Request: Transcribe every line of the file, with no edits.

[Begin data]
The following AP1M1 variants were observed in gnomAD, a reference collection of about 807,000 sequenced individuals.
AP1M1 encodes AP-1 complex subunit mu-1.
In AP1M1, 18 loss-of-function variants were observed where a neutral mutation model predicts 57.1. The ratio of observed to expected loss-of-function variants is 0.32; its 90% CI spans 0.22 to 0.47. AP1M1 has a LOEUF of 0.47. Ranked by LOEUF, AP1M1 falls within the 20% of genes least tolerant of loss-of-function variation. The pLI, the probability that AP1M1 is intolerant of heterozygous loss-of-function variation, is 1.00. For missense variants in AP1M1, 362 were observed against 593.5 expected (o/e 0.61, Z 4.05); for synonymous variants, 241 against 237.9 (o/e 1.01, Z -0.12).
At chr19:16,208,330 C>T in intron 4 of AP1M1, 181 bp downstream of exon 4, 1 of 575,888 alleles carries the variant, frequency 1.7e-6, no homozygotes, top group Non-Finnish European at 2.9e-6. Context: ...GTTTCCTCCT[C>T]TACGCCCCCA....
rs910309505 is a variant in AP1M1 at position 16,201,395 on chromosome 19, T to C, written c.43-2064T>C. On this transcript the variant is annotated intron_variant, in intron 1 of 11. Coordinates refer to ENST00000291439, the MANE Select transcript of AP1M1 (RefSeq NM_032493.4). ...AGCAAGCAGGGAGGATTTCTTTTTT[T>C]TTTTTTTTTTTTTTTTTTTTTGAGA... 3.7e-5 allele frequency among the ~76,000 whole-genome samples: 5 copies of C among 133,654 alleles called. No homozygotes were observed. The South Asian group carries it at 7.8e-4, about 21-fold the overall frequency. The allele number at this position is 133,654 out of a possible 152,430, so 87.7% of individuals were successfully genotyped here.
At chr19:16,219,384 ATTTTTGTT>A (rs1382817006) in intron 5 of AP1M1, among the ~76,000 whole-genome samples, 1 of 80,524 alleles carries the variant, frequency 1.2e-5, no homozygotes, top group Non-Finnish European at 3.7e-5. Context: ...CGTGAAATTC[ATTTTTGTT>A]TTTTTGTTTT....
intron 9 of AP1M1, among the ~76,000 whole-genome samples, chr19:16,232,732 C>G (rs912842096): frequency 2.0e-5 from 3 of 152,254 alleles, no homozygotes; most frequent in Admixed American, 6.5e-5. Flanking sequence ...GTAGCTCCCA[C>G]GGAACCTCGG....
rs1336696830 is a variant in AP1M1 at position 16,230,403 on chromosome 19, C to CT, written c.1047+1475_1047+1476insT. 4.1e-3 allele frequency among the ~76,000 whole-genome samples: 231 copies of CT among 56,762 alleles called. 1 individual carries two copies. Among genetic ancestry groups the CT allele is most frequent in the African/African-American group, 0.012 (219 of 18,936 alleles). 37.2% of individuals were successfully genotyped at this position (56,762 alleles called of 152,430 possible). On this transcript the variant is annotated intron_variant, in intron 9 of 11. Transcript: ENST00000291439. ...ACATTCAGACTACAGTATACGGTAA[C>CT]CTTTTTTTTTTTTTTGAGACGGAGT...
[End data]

The following AP1M1 variants were observed in gnomAD, a reference collection of about 807,000 sequenced individuals.
AP1M1 encodes AP-1 complex subunit mu-1.
In AP1M1, 18 loss-of-function variants were observed where a neutral mutation model predicts 57.1. The ratio of observed to expected loss-of-function variants is 0.32; its 90% CI spans 0.22 to 0.47. AP1M1 has a LOEUF of 0.47. Ranked by LOEUF, AP1M1 falls within the 20% of genes least tolerant of loss-of-function variation. The pLI, the probability that AP1M1 is intolerant of heterozygous loss-of-function variation, is 1.00. For missense variants in AP1M1, 362 were observed against 593.5 expected (o/e 0.61, Z 4.05); for synonymous variants, 241 against 237.9 (o/e 1.01, Z -0.12).
At chr19:16,208,330 C>T in intron 4 of AP1M1, 181 bp downstream of exon 4, 1 of 575,888 alleles carries the variant, frequency 1.7e-6, no homozygotes, top group Non-Finnish European at 2.9e-6. Context: ...GTTTCCTCCT[C>T]TACGCCCCCA....
rs910309505 is a variant in AP1M1 at position 16,201,395 on chromosome 19, T to C, written c.43-2064T>C. On this transcript the variant is annotated intron_variant, in intron 1 of 11. Coordinates refer to ENST00000291439, the MANE Select transcript of AP1M1 (RefSeq NM_032493.4). ...AGCAAGCAGGGAGGATTTCTTTTTT[T>C]TTTTTTTTTTTTTTTTTTTTTGAGA... 3.7e-5 allele frequency among the ~76,000 whole-genome samples: 5 copies of C among 133,654 alleles called. No homozygotes were observed. The South Asian group carries it at 7.8e-4, about 21-fold the overall frequency. The allele number at this position is 133,654 out of a possible 152,430, so 87.7% of individuals were successfully genotyped here.
At chr19:16,219,384 ATTTTTGTT>A (rs1382817006) in intron 5 of AP1M1, among the ~76,000 whole-genome samples, 1 of 80,524 alleles carries the variant, frequency 1.2e-5, no homozygotes, top group Non-Finnish European at 3.7e-5. Context: ...CGTGAAATTC[ATTTTTGTT>A]TTTTTGTTTT....
intron 9 of AP1M1, among the ~76,000 whole-genome samples, chr19:16,232,732 C>G (rs912842096): frequency 2.0e-5 from 3 of 152,254 alleles, no homozygotes; most frequent in Admixed American, 6.5e-5. Flanking sequence ...GTAGCTCCCA[C>G]GGAACCTCGG....
rs1336696830 is a variant in AP1M1 at position 16,230,403 on chromosome 19, C to CT, written c.1047+1475_1047+1476insT. 4.1e-3 allele frequency among the ~76,000 whole-genome samples: 231 copies of CT among 56,762 alleles called. 1 individual carries two copies. Among genetic ancestry groups the CT allele is most frequent in the African/African-American group, 0.012 (219 of 18,936 alleles). 37.2% of individuals were successfully genotyped at this position (56,762 alleles called of 152,430 possible). On this transcript the variant is annotated intron_variant, in intron 9 of 11. Transcript: ENST00000291439. ...ACATTCAGACTACAGTATACGGTAA[C>CT]CTTTTTTTTTTTTTTGAGACGGAGT...